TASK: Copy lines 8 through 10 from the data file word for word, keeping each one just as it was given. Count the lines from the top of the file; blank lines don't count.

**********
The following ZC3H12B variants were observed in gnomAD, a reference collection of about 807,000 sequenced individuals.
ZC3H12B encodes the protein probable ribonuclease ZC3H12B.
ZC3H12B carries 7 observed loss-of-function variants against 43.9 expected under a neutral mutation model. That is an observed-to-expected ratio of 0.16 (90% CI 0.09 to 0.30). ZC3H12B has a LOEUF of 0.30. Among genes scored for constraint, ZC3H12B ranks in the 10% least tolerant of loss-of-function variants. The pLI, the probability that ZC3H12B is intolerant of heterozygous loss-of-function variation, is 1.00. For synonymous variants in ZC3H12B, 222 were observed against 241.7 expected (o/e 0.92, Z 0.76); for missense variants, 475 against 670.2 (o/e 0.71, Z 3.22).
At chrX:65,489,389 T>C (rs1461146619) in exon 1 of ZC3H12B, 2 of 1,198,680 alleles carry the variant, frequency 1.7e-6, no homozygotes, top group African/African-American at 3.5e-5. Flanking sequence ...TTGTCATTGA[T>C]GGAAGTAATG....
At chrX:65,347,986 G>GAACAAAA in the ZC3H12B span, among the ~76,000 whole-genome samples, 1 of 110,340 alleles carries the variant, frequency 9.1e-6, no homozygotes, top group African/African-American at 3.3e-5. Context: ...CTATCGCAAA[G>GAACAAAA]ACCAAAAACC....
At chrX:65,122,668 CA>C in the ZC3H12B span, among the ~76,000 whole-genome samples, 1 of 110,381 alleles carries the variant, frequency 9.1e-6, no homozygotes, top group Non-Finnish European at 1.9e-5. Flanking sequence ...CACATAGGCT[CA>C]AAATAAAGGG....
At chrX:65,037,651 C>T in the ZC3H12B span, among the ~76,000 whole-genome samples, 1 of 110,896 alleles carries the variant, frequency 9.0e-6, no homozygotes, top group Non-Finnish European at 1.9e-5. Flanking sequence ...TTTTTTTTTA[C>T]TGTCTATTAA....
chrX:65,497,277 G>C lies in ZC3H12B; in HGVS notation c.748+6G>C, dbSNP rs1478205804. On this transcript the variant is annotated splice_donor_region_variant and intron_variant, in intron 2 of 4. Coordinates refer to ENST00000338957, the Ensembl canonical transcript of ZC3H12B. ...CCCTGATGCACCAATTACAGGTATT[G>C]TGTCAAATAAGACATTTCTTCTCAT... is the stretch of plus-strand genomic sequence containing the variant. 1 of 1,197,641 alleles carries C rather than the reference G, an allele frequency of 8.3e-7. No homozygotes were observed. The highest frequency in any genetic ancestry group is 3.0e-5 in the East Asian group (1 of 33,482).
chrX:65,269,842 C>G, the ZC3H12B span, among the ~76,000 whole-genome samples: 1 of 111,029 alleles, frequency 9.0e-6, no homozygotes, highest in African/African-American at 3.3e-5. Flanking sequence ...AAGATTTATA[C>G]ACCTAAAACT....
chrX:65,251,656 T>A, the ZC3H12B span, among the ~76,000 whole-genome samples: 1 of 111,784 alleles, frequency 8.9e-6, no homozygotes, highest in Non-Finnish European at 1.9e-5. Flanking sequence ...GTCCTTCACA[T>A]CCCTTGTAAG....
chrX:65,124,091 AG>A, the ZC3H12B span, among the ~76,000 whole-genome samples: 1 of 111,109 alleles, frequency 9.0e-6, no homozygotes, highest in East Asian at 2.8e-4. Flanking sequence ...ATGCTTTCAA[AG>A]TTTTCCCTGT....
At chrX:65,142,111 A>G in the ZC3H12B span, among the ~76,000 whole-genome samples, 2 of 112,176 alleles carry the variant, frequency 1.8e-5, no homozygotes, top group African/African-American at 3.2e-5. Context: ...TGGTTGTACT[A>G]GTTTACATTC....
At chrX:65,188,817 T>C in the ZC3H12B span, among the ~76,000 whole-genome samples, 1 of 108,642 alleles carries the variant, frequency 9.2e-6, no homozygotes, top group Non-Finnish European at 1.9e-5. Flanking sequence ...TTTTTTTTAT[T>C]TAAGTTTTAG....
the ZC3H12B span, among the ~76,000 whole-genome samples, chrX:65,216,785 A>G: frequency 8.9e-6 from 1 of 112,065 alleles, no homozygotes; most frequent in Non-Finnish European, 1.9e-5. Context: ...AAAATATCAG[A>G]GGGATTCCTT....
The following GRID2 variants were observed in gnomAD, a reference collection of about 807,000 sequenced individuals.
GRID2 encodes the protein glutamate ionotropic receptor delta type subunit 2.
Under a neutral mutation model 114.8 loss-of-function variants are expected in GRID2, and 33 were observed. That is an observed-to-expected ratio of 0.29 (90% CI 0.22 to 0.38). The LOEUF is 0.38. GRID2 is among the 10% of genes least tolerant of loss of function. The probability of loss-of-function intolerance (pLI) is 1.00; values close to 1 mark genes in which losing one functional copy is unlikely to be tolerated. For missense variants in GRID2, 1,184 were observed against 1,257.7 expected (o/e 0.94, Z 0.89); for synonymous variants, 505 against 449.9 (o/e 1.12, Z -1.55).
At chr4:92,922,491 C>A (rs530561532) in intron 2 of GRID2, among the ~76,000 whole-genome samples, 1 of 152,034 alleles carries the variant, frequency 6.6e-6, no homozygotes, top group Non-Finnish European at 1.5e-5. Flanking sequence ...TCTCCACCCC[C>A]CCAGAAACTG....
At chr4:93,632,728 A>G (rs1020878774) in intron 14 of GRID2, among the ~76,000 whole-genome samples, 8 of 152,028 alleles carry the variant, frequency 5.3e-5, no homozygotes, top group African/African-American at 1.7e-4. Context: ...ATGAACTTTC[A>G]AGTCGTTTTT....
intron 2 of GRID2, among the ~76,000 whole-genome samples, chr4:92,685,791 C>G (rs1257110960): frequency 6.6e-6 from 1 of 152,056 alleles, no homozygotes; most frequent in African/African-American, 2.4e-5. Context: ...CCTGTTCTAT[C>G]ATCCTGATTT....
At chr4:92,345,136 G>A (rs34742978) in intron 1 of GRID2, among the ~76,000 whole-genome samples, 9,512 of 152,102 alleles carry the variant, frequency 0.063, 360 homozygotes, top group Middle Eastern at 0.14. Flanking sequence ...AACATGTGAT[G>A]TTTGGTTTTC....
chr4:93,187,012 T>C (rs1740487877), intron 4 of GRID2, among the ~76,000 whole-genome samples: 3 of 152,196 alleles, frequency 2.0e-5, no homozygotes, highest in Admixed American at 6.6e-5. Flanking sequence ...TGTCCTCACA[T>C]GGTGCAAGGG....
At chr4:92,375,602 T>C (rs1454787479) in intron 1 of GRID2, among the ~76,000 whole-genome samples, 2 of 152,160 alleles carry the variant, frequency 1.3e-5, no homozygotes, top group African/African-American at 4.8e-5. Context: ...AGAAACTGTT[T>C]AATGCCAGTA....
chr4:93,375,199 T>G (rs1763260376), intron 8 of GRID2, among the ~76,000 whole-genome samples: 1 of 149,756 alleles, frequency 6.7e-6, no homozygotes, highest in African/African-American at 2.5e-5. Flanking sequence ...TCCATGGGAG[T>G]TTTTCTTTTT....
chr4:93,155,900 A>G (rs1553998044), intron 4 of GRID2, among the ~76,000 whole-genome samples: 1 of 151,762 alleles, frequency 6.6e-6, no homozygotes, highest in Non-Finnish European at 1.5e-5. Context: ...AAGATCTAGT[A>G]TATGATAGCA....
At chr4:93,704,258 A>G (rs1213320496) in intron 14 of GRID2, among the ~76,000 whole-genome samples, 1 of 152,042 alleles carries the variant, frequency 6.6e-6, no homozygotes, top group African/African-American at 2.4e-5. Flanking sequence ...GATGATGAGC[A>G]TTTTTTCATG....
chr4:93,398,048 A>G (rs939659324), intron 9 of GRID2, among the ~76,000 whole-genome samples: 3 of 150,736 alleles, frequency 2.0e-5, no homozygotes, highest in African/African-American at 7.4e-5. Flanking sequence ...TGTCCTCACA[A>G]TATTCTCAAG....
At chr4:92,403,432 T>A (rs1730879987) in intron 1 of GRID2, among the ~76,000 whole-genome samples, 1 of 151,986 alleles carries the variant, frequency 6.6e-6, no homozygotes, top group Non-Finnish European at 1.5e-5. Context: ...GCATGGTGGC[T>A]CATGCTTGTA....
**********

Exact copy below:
chrX:65,497,277 G>C lies in ZC3H12B; in HGVS notation c.748+6G>C, dbSNP rs1478205804. On this transcript the variant is annotated splice_donor_region_variant and intron_variant, in intron 2 of 4. Coordinates refer to ENST00000338957, the Ensembl canonical transcript of ZC3H12B. ...CCCTGATGCACCAATTACAGGTATT[G>C]TGTCAAATAAGACATTTCTTCTCAT... is the stretch of plus-strand genomic sequence containing the variant. 1 of 1,197,641 alleles carries C rather than the reference G, an allele frequency of 8.3e-7. No homozygotes were observed. The highest frequency in any genetic ancestry group is 3.0e-5 in the East Asian group (1 of 33,482).
chrX:65,269,842 C>G, the ZC3H12B span, among the ~76,000 whole-genome samples: 1 of 111,029 alleles, frequency 9.0e-6, no homozygotes, highest in African/African-American at 3.3e-5. Flanking sequence ...AAGATTTATA[C>G]ACCTAAAACT....
chrX:65,251,656 T>A, the ZC3H12B span, among the ~76,000 whole-genome samples: 1 of 111,784 alleles, frequency 8.9e-6, no homozygotes, highest in Non-Finnish European at 1.9e-5. Flanking sequence ...GTCCTTCACA[T>A]CCCTTGTAAG....